Once again, it sure sounds like you are coming to the defense of someone you have been in contact with. I have felt that for a while now based on words you have used on other sites. I think you are evading the question and I wonder why? Why are you afraid to tell me?

Your old pastor emailed me when I put up my second post on wicked sheep to tell me how much he appreciates my being discerning with my post and comments interacting with other "survivor bloggers" and to explain his side of the story. I responded to him by thanking him for the comments but I told him what I have said to you, that his law suit is a terrible idea and he needs to drop it. He didn't tell me anything that wasn't already in their statement located at their website and what I have read at your blog and in the comments. So I don't have any "inside" information. Besides, why would you be afraid if I did and talked about it publicly?

The only "defense" I have given to him and his church came directly from me and my experience with similar matters. I believe their side to all of this has been lost in the media and maligned by the simple-minded in the comments of your blog, and others like that FBCJax watchblog, who hate any authority whatsoever and give you and your friends an automatic pass because of alleged "spiritual abuse."

There is a long, three year history and backstory to what brought them to bringing a lawsuit against you guys, albeit a foolish one. People seem to have this idea that you attended the church for a little while, got upset at the leadership, left, and then put your negative comments up on Google and WHAM, a petty minded pastor leveled a lawsuit against you. But that is not what happened. It wasn't just one comment by your daughter. There is serious baggage here that you have turned into your white whale. The typical outsider is completely clueless to it.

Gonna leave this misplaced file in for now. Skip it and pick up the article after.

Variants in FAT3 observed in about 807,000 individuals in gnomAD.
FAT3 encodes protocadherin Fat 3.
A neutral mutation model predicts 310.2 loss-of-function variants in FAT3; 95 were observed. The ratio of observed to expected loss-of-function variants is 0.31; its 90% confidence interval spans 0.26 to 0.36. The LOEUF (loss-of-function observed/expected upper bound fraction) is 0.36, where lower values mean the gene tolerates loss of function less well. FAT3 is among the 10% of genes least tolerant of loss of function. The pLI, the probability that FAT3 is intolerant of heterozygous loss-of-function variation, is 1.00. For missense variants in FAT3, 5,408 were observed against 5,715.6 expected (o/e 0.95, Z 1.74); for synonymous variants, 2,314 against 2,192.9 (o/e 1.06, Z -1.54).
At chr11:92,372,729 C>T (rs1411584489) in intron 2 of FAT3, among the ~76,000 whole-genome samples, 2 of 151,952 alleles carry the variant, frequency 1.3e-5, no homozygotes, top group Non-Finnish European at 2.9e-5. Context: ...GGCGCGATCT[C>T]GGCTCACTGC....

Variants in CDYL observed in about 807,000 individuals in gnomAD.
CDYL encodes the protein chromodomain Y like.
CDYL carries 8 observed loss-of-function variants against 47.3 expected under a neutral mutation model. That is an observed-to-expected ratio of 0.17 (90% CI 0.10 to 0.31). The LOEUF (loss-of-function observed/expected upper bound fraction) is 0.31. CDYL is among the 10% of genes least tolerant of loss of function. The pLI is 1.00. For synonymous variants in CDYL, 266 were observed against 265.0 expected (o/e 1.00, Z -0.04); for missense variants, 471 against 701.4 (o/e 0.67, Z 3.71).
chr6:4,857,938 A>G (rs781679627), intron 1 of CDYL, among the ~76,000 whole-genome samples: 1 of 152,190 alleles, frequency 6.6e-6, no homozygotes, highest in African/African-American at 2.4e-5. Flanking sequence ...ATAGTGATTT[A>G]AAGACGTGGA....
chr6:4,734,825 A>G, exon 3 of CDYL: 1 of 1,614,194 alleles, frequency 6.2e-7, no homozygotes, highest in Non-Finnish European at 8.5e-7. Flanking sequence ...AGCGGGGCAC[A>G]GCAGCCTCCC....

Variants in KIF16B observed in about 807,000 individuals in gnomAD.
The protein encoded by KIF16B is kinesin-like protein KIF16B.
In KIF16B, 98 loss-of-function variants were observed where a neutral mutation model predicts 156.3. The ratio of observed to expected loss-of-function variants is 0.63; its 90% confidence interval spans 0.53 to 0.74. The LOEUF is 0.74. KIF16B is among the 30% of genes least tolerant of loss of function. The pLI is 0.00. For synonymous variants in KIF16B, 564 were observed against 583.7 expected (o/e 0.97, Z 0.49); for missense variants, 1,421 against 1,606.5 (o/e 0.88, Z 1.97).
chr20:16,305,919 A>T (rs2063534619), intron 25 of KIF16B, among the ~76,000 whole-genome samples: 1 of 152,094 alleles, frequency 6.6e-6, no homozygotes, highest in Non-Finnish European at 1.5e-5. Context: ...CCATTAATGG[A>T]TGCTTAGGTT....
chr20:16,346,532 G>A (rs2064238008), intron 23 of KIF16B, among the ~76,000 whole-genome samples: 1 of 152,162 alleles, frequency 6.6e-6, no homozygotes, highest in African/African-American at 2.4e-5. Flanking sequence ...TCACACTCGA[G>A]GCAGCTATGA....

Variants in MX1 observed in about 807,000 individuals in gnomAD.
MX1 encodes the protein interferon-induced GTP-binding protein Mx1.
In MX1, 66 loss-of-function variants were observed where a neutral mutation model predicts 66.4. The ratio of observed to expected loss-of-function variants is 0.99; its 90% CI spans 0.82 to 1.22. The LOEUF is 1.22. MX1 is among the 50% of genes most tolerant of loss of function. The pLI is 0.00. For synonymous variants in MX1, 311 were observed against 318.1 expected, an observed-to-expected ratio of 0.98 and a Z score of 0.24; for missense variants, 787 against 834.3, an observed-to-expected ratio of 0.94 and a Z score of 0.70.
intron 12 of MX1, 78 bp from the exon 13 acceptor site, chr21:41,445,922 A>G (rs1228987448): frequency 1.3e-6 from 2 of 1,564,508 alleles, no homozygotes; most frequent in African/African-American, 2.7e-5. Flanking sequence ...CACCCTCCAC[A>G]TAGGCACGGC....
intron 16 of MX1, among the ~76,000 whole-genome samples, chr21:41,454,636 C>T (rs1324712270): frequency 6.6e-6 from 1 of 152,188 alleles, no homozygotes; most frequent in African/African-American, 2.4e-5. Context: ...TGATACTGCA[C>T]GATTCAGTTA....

But while we're on reviews, on the DexKnows.com site there is a review with your name attached to it.

http://www.dexknows.com/business_profiles/beaverton_grace_bible_church-b269546/reviews/?pdt=pifree

A person named "Julie Anne Smith" left a review that is dated 7/28/12, which would be this past Saturday, that states:

Went to this church with my husband and kids, yelled at by pastor and other members of the congregation, all calling us homosexuals. Massive piece of trash church. Never, EVER EVER go here. I hate this church.

First off, is this "Julie Anne Smith" you or are you being impersonated?
Did Chuck really "yell" at you and did the congregation call you homosexuals?
And do you really hate this church?

Those are some pretty serious accusations. The one about being called homosexuals is a new one. Hadn't heard that one before.

But hey, maybe it's not you who left that comment. Could be a person trying to tarnish your good name with an over-the-top remark that makes you look truly hateful. I'll give you the benefit of the doubt until I hear otherwise.

7:10 AM, July 30, 2012  
OpenID fortyone20ministries said...

Hi Fred.

You say: "They [Christians who may lack the biblical qualifications to lead the people] should be admonished and exhorted, not slandered publicly on a survivor blog."

I believe that this is the third post I have seen by you on this topic. Are you not doing to Julie Anne and the "simple-minded" commentators on her blog, that you say they are doing to Pastor Chuck? Your opinion is clear, you've stated it here and on Julie Anne's blog (which you have every right to do), and yet you are doing the same thing you accuse us of. You keep going back to it, and you portray spiritual abuse victims (at least those who are speaking up about spiritual abuse) as "simple-minded", "divisive", and it's clear you don't have a good opinion of us.